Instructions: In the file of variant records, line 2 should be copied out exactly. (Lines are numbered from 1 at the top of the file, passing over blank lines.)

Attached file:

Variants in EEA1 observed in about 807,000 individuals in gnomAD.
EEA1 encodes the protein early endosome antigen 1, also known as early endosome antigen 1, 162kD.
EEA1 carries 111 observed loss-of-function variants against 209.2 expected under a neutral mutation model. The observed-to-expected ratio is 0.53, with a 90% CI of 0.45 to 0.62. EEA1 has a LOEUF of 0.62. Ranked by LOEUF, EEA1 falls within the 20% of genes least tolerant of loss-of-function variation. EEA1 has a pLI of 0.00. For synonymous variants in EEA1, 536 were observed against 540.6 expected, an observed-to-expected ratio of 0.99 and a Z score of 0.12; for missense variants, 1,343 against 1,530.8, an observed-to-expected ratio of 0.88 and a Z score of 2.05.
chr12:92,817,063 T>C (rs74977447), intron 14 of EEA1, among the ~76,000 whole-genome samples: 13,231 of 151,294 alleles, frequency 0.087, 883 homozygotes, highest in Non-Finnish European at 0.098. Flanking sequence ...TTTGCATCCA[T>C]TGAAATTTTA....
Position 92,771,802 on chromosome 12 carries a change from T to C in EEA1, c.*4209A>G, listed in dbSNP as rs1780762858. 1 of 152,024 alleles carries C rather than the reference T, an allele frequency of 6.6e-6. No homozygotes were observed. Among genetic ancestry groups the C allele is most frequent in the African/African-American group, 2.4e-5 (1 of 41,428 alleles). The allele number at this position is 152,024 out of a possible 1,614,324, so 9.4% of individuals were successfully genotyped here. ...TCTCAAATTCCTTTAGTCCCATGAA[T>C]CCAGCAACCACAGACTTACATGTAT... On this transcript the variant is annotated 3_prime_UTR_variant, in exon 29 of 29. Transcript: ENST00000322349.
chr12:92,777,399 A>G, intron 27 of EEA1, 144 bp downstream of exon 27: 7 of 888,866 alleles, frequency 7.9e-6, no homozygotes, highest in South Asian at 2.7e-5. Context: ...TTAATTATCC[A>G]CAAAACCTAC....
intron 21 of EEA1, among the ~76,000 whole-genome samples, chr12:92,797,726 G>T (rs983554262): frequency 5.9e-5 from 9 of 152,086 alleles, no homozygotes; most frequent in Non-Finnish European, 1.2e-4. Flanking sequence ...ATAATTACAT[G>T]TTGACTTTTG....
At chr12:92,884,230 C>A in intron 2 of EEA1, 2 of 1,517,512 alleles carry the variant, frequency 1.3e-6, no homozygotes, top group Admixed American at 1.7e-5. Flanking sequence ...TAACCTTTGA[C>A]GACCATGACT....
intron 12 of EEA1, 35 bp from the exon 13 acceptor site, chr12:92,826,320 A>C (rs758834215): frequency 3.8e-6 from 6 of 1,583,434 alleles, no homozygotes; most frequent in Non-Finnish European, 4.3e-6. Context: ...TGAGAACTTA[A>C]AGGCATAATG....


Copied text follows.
EEA1 encodes the protein early endosome antigen 1, also known as early endosome antigen 1, 162kD.